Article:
Creating security files and a publication database
The following section describes how to create a new security file and iBase database suitable for replication. The database that you create is used as the publication database. All subscriber sites must have a copy of the security file created at the publisher site, and a database created from a database template, which was also created at the publisher site.
Before you begin
The names that you choose for the security file and database are used to generate the names of the SQL Server databases so you might want to agree a convention for file naming with your SQL Server administrator. See Before creating any iBase databases for details.
- Create a new security file:
- At the publisher site, create a new database folder to hold the security file and database that you create. The folder must be shared and should be on the database or application server machine.
- Using iBase Designer, log on as a security or system administrator and create a new security file in Microsoft Access format. You convert this file to SQL Server (upsize it) later.
- In the Security Manager, add user groups and users. As a minimum, add the system, database, and security administrators for the publisher and subscriber sites. At this stage, you can also define Data Access Control groups but you cannot set permissions for them yet.
- Back up the security file.Attention: You will need the original Microsoft Access security file if you want to extend the iBase system in the future by adding additional subscriber sites.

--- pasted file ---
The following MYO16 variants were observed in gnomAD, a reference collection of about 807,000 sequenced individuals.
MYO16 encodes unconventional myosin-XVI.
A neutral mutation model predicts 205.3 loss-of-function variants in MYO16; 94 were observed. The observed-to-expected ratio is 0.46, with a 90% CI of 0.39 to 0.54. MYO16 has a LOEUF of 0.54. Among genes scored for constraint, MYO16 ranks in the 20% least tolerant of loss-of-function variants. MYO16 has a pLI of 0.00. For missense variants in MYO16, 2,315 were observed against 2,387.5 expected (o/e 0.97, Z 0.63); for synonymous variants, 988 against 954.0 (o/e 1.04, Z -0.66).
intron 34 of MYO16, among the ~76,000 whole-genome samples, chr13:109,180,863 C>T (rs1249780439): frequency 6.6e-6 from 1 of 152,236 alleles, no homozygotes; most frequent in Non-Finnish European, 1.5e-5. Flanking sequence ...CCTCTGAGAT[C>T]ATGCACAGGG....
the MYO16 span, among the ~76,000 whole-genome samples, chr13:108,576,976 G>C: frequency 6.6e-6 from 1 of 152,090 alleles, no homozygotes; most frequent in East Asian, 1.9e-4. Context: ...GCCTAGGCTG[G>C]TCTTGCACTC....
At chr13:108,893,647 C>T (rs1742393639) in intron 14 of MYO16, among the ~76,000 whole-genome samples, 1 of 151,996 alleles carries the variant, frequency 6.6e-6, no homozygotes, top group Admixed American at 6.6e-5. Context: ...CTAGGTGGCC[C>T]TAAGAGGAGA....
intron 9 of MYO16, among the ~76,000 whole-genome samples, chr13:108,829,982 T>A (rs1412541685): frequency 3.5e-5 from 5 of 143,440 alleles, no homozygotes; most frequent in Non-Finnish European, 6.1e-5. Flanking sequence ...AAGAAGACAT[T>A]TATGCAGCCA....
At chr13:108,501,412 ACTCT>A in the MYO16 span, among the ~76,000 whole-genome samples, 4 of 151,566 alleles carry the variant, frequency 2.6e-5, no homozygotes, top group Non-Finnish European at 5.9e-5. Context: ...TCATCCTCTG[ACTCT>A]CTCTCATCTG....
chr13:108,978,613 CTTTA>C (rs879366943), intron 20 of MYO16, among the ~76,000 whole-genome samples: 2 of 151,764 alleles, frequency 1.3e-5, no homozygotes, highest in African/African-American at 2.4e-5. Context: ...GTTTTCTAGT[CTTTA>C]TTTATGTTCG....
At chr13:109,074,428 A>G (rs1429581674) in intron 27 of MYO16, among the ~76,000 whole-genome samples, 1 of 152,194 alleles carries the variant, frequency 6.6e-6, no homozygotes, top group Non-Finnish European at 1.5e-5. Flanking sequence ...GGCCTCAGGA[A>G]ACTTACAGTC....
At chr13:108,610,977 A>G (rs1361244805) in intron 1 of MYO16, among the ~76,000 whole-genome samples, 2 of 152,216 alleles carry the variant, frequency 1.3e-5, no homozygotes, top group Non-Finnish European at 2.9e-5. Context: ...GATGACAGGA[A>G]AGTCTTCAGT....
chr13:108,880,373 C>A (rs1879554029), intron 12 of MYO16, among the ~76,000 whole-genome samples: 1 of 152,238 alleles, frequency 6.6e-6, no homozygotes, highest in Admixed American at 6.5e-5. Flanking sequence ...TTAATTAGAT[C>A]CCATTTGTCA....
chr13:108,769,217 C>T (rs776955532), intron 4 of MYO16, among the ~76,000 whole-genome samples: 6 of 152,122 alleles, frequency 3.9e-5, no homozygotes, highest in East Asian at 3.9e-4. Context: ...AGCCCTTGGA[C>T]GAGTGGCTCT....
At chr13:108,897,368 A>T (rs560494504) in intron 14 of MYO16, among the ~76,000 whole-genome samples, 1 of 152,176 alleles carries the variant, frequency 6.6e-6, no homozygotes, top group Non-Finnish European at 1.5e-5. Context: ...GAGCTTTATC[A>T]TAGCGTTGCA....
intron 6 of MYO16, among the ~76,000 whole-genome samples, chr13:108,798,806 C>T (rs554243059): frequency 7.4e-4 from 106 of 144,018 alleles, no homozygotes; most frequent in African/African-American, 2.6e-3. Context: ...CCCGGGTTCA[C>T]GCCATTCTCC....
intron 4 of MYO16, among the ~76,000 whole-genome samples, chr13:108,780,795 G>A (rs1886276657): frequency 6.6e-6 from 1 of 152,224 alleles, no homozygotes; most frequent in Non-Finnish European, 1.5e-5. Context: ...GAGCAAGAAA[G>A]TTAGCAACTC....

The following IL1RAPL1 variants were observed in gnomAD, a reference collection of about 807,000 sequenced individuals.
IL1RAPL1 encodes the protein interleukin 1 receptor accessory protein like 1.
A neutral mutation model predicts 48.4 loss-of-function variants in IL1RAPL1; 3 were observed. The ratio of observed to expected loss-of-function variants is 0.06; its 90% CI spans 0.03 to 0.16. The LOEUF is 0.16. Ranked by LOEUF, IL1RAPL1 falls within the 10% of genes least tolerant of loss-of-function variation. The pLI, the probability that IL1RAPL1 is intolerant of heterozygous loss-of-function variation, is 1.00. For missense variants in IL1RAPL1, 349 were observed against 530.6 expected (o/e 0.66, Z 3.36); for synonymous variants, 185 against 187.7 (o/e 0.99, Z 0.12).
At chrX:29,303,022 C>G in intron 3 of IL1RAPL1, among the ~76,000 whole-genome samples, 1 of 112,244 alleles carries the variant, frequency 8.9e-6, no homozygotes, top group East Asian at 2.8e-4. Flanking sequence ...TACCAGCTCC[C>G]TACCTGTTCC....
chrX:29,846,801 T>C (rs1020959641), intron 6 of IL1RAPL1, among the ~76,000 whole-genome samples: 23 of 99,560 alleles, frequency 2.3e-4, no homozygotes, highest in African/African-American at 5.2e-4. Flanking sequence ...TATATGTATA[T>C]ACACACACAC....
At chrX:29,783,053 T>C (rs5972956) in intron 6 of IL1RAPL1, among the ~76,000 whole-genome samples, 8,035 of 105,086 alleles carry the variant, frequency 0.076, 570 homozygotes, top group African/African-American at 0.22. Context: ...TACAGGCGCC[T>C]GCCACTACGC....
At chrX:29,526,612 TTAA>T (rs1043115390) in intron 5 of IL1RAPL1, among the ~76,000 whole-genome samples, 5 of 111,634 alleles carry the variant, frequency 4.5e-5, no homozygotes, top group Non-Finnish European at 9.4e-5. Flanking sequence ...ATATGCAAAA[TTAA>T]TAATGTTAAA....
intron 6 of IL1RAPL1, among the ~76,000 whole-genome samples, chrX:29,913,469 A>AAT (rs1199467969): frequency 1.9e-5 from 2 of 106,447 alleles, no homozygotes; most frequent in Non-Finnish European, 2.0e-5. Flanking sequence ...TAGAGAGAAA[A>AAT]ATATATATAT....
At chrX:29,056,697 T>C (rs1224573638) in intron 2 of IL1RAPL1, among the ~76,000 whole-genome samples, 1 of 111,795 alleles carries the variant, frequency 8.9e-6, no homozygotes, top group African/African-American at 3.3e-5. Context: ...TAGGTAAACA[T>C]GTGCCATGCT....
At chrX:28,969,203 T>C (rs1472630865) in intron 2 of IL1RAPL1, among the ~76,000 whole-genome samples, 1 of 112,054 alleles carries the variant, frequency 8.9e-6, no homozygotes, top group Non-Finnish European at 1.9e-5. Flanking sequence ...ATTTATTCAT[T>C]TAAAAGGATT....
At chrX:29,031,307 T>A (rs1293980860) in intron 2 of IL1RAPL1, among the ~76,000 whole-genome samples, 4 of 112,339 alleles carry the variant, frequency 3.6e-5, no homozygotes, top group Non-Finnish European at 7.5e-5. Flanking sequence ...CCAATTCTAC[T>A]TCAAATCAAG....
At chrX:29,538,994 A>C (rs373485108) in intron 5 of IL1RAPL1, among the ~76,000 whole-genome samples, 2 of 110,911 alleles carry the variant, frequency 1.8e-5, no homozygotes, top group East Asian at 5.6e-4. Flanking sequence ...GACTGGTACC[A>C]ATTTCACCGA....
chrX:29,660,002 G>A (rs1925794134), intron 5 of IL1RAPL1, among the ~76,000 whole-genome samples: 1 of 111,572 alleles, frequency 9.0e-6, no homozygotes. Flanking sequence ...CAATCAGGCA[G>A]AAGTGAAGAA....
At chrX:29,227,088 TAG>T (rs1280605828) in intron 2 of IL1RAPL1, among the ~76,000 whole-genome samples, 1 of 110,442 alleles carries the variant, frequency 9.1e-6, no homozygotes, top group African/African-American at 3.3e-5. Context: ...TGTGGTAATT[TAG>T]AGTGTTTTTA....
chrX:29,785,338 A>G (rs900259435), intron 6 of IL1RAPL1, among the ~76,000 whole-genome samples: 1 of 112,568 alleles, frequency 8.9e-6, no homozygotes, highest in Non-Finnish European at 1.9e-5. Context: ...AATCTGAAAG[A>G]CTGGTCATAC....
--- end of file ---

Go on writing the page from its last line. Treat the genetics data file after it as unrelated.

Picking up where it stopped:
See Managing Security for further details.
- Distribute the security file to the subscriber sites:The security files used at the publisher and at all subscriber sites must be converted from Microsoft Access format to SQL Server (upsized) from the same security file. For background information on why this is necessary, see Importance of the security file at the publisher site.
Attention: Do not make any changes to the security data at the subscriber site. You can rename the file if required but any other changes are lost when replication is configured. For information on file names, see Before creating any iBase databases.
- Distribute the security file, which is in Microsoft Access format, to the subscriber sites using any appropriate method, such as copying to CD, sending by email, or copying over a local or wide area network.
- At each subscriber site, create a shared folder and copy the supplied security file to it.
- Convert the security files to SQL Server, at the publisher site and at all subscriber
sites:You must convert (upsize) the security file from Microsoft Access format to SQL Server before you can replicate it. This process leaves a security connection file (.ids file) in the iBase database folder and create an SQL Server database with the name <file>_Sec on the designated server (where <file> is the name of the ids file).